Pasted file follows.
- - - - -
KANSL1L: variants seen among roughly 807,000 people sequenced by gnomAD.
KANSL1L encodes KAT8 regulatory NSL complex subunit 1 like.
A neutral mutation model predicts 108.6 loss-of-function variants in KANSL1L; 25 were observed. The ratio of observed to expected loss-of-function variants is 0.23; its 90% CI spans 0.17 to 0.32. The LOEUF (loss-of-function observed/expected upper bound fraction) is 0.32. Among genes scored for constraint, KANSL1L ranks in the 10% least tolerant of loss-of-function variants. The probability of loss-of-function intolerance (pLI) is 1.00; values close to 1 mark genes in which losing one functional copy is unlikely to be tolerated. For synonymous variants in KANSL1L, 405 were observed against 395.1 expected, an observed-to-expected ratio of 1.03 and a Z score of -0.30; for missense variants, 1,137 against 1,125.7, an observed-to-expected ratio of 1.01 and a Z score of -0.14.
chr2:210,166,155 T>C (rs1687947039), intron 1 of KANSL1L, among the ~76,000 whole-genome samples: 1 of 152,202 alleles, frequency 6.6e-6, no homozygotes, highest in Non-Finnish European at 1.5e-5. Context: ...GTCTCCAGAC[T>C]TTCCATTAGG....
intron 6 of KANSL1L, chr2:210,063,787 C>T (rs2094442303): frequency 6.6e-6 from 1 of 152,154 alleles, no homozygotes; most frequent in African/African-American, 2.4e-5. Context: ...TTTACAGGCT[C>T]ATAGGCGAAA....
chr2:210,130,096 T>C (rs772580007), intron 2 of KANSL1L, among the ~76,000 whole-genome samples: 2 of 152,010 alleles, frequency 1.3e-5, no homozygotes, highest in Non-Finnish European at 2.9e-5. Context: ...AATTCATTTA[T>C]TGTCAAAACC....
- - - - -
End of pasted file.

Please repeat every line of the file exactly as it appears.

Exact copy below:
KANSL1L: variants seen among roughly 807,000 people sequenced by gnomAD.
KANSL1L encodes KAT8 regulatory NSL complex subunit 1 like.
A neutral mutation model predicts 108.6 loss-of-function variants in KANSL1L; 25 were observed. The ratio of observed to expected loss-of-function variants is 0.23; its 90% CI spans 0.17 to 0.32. The LOEUF (loss-of-function observed/expected upper bound fraction) is 0.32. Among genes scored for constraint, KANSL1L ranks in the 10% least tolerant of loss-of-function variants. The probability of loss-of-function intolerance (pLI) is 1.00; values close to 1 mark genes in which losing one functional copy is unlikely to be tolerated. For synonymous variants in KANSL1L, 405 were observed against 395.1 expected, an observed-to-expected ratio of 1.03 and a Z score of -0.30; for missense variants, 1,137 against 1,125.7, an observed-to-expected ratio of 1.01 and a Z score of -0.14.
chr2:210,166,155 T>C (rs1687947039), intron 1 of KANSL1L, among the ~76,000 whole-genome samples: 1 of 152,202 alleles, frequency 6.6e-6, no homozygotes, highest in Non-Finnish European at 1.5e-5. Context: ...GTCTCCAGAC[T>C]TTCCATTAGG....
intron 6 of KANSL1L, chr2:210,063,787 C>T (rs2094442303): frequency 6.6e-6 from 1 of 152,154 alleles, no homozygotes; most frequent in African/African-American, 2.4e-5. Context: ...TTTACAGGCT[C>T]ATAGGCGAAA....
chr2:210,130,096 T>C (rs772580007), intron 2 of KANSL1L, among the ~76,000 whole-genome samples: 2 of 152,010 alleles, frequency 1.3e-5, no homozygotes, highest in Non-Finnish European at 2.9e-5. Context: ...AATTCATTTA[T>C]TGTCAAAACC....